Sam is Jacob: Lost is Never Far Away

Remember when Sam Weiss told Olivia that he’s older than he looks? In Season 2’s ‘Olivia. In the Lab. With the Revolver’Sam says he’s so old that he can barely remember his childhood. ‘I’m also taller than I appear,’he adds. I can’t help thinking that we have another Jacob-esque character on our hands, which wouldn’t be a bad thing for Fringe. This show is the quintessential science fiction thriller, questioning the limits of science and cautioning against the danger of advancing technology, but, thus far, it lacks the spiritual-mystery component that made Lost so unique.

Though the mystical side of Lost concluded in a not-so-mysterious way, the timeless questions about the nature of the cosmos echoed throughout the series. As long as they remained unanswered, or at least not definitively answered, the mystery of the show was intact, no matter the scientific and not-so-scientific explanations of the island’s powers. The mystery of the universe was the central pull of this show. It always seemed possible that Jacob and the Man in Black might hold ‘The Answer’for us, some Grand Unifying Theory.

Now we have an equally mysterious authority figure in Fringe, a character who seems to understand what’s really going on.

In ‘Concentrate and Ask Again,’the bowling lane manager with a knack for rehabilitating trauma victims, is revealed to be someone with far greater insight than we first imagined: he knows all about the two universes, and he seems to know Peter Bishop, a man he has never met. Most significant, though, is that he wrote The First People, a book published in 1897. Who exactly is this guy and what is his bowling alley? More specifically, where is the bowling alley? Does it really exist in the physical realm? Does it exist in this universe or the next, or somewhere in between? Consider this: we never see Olivia actually driving to the bowling alley; she just appears in front of the building (under the marquee that, coincidentally, uses a Lost number: 16). And, if Sam is older than he looks, what is his relationship to the nature of time? In In season two he tells Olivia that ‘when you’re up all night, time is a matter of semantics.’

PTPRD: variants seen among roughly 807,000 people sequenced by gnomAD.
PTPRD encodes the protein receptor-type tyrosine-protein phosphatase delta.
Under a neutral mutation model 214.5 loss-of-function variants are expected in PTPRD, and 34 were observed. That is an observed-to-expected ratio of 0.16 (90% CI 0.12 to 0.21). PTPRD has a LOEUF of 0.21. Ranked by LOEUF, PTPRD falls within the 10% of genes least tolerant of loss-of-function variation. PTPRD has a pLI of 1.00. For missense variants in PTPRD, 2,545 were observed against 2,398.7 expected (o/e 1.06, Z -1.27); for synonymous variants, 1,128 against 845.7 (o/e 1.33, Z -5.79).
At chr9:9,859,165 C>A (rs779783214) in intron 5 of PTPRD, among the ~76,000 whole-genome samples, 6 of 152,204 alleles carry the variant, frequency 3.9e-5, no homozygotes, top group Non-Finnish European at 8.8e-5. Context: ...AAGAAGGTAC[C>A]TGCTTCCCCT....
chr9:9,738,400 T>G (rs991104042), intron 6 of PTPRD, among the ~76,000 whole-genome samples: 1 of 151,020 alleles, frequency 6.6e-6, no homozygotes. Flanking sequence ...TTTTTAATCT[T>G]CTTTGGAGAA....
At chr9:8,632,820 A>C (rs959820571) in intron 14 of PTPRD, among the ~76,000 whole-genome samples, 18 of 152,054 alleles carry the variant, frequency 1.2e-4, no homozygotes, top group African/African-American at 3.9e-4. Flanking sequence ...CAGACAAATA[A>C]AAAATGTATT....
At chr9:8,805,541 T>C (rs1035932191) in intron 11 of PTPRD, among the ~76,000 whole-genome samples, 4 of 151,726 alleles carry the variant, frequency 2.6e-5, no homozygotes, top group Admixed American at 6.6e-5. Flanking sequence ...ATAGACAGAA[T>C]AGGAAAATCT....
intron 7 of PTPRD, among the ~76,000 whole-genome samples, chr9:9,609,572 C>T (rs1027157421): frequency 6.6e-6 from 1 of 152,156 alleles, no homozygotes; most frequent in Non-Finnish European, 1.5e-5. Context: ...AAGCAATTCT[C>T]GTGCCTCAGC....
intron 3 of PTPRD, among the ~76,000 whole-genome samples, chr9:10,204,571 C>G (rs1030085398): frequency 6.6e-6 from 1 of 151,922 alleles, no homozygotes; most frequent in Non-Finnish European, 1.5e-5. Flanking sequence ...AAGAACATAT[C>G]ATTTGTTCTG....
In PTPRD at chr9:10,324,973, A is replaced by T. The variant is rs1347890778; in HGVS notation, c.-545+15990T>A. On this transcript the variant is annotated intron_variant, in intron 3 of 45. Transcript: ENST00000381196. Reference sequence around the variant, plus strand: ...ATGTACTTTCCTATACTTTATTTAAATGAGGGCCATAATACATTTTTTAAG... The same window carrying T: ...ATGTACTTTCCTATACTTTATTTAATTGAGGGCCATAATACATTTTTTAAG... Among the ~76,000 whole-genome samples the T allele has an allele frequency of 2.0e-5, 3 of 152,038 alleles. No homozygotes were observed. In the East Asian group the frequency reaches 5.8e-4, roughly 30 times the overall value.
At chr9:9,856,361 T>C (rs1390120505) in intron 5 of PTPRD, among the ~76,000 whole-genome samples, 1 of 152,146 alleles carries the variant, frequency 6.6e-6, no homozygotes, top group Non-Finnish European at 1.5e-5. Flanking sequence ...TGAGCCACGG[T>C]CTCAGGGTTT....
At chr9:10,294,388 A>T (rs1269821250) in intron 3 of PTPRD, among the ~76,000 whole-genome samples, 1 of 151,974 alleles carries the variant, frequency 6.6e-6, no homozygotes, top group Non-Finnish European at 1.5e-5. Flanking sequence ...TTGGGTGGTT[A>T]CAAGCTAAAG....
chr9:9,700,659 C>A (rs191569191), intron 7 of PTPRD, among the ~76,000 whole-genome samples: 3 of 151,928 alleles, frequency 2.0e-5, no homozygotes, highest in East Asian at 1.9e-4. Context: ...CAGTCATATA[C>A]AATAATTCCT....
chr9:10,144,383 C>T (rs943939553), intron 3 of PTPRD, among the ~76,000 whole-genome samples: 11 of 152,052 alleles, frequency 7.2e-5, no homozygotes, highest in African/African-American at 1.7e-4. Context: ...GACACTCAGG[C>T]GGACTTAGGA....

The only time we see Sam outside of the bowling alley is when he visits Olivia in her apartment. He shows up after midnight with a board game. Kinda creepy, if you think about it. Unless, Sam is not in the physical realm; perhaps he visited Olivia’s apartment in a vision or dream. He appeared just when she needed help solving a case that, in turn, leads to an unveiling of her past and her special abilities. During this visit Sam tells her that she’s always wearing a uniform of sorts because her profession is more than just a job to her: ‘you’re a soldier. A protector,’he says. (Similar to what William Bell says in ‘Momentum Deferred: she has been prepared to be a ‘guardian of the gate.’)

Sam also helps Olivia work through her grief over the death of Charlie Francis. In ‘Dream Logic’he asks her to collect business cards from anyone wearing red. He says, ‘I hope you don’t have anything against the color red,’foreshadowing the alternate universe and its signature color. He tells her to create an anagram out of certain letters from the cards. The anagram turns out to be: ‘you’re gonna be fine,’one of the first things Agent Francis ever said to Olivia.

But the most significant mystery about Sam is his authorship of The First People. If he is the author then he has known all along where the machine was buried–the calendar in the back of the book is a record of the coordinates. Did he bury the machine and attribute it to an imaginary ancient tribe of people? What does he know about the machine? Why was it created with Peter in mind? In the book it says that the source of all creation and destruction is something called The Vaccuum. Does Sam know how to avoid the destruction part? If so, will he even offer his insight? Like Jacob in Lost he seems extremely guarded about telling others ‘the truth.’Obviously, he is a believer in free will, acknowledging that the ultimate decision is in Peter’s hands alone.

(On a side note, did anyone catch Current TV’s pilot episode of Bar Karma last week? It wasn’t as good as I hoped, but I like the way they describe free will and possible outcomes–with playing cards. It was a good illustration of how September (the Observer) explains the many possible ‘futures’to Walter. Does Sam share common powers, insight and/or beliefs with the Observers?)

One last Lost reference: the glyphs during this episode spelled out ‘hatch.’It was difficult not to make a connection to the mystical underground bunker in Lost. And speaking of glyphs, the ones featured on the season finale (Over There Part 2), the episode when the fringe team crossed over to the alternate universe and back, spelled out ‘Weiss.’Hmmm.

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  • Steve Ferra

    Don't forget that in Over There Part 2, Walternate's old Harvard lab chalkboard had the phrase "A DEMONS TWIST RUSTS" written on it, which is an anagram for "Don't Trust Sam Weiss".